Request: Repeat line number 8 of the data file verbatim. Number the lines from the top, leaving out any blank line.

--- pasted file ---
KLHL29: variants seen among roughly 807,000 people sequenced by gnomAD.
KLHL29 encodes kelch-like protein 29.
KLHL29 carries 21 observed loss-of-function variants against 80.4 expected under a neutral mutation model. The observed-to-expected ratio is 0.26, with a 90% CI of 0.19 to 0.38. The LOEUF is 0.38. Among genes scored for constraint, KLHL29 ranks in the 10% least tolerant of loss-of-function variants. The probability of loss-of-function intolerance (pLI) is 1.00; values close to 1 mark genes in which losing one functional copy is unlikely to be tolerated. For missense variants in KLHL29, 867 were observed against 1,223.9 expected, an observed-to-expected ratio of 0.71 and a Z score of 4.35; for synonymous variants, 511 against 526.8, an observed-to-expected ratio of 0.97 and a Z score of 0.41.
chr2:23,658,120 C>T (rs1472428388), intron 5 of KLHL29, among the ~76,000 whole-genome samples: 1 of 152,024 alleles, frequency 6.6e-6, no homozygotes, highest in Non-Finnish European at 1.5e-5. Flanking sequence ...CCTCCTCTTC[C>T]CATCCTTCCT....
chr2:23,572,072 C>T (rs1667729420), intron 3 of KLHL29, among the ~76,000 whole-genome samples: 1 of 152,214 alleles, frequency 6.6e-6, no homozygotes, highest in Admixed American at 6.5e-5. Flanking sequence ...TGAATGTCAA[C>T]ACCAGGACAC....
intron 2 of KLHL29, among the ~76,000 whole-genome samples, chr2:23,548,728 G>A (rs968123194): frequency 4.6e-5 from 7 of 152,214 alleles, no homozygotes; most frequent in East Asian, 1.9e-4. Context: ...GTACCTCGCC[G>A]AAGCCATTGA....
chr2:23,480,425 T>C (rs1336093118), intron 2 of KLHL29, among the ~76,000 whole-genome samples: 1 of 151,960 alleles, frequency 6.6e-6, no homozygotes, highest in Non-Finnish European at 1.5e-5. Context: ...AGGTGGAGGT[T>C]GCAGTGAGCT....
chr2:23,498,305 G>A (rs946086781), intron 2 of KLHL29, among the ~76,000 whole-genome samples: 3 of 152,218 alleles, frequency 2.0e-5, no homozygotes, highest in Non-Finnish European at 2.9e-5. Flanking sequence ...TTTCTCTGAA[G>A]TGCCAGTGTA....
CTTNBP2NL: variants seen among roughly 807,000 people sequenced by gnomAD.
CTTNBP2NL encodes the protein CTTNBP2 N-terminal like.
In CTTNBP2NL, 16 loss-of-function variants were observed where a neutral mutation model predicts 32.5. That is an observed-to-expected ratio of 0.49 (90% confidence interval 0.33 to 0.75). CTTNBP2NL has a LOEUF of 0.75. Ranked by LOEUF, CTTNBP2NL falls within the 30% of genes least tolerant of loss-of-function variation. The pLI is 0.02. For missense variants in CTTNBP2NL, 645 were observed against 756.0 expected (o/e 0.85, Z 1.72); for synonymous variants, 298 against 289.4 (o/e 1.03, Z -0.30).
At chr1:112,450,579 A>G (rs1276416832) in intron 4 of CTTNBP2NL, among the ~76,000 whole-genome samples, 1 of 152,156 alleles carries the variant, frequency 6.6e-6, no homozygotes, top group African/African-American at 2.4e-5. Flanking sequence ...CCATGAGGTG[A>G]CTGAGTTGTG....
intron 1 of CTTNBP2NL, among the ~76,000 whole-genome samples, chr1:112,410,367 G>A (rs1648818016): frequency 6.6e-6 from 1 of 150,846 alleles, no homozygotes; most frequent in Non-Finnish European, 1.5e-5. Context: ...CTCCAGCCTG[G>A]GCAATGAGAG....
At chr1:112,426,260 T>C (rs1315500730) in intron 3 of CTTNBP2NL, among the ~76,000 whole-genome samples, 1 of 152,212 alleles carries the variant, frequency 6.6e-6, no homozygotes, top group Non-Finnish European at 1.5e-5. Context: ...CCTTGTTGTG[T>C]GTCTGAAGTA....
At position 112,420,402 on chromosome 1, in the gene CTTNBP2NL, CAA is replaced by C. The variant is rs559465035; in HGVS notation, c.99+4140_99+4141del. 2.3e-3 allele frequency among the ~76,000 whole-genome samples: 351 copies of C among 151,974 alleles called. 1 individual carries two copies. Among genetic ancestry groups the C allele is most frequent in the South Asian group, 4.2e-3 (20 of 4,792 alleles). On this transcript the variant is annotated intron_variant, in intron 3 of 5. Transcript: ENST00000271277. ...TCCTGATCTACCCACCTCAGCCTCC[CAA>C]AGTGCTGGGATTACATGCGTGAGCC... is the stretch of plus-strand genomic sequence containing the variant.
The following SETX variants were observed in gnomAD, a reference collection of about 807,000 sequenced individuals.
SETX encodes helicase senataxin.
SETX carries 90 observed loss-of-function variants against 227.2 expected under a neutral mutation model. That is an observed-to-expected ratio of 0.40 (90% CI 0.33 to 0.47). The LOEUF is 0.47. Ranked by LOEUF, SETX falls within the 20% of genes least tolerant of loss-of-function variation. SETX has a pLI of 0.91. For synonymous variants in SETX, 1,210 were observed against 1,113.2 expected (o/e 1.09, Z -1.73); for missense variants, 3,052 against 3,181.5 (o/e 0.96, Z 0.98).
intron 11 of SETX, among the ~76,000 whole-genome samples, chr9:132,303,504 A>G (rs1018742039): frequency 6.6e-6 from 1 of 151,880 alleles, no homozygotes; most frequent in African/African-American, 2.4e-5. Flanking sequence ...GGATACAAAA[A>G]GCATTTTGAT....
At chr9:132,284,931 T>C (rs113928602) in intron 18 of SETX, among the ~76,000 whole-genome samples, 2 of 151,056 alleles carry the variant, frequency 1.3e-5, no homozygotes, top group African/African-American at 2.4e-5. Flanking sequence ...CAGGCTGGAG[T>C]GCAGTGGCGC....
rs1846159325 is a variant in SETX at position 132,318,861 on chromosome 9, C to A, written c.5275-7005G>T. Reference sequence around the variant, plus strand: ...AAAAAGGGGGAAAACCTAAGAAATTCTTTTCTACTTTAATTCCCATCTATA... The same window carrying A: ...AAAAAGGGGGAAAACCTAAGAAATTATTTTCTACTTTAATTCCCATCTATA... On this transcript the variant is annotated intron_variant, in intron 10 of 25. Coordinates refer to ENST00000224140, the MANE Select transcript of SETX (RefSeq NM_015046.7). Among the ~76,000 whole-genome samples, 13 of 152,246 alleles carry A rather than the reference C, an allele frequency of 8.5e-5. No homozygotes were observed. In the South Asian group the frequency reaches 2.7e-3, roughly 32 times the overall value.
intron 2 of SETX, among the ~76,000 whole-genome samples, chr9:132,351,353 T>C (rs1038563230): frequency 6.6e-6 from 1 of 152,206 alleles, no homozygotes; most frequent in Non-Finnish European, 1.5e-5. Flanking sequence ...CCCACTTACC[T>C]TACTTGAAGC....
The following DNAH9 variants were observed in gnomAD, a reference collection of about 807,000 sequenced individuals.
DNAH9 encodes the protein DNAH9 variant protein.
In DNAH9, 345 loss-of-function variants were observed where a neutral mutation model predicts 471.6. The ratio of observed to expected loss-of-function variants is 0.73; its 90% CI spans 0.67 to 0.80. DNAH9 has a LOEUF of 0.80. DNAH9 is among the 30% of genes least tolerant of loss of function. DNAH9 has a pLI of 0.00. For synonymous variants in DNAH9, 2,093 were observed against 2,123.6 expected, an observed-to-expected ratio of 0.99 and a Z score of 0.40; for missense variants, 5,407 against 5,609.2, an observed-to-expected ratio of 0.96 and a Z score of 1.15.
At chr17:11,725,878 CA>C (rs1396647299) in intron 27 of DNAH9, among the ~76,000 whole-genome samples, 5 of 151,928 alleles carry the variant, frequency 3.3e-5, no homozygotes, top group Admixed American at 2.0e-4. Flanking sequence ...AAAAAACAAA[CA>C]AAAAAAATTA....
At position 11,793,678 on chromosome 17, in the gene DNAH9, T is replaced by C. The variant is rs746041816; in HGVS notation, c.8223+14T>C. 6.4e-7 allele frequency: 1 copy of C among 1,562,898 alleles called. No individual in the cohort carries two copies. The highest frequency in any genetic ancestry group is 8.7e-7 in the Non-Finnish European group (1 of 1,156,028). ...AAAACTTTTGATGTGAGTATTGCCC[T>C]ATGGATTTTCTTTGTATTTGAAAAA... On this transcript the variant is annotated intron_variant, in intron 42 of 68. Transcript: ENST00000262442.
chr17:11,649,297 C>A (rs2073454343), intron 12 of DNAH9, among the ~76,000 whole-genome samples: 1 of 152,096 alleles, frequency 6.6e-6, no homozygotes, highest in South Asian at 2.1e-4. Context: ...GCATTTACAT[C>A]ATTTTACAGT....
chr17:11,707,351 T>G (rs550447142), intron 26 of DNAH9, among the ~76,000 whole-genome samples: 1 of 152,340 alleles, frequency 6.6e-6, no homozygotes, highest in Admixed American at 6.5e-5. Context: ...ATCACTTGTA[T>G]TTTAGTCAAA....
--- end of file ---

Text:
chr2:23,498,305 G>A (rs946086781), intron 2 of KLHL29, among the ~76,000 whole-genome samples: 3 of 152,218 alleles, frequency 2.0e-5, no homozygotes, highest in Non-Finnish European at 2.9e-5. Flanking sequence ...TTTCTCTGAA[G>A]TGCCAGTGTA....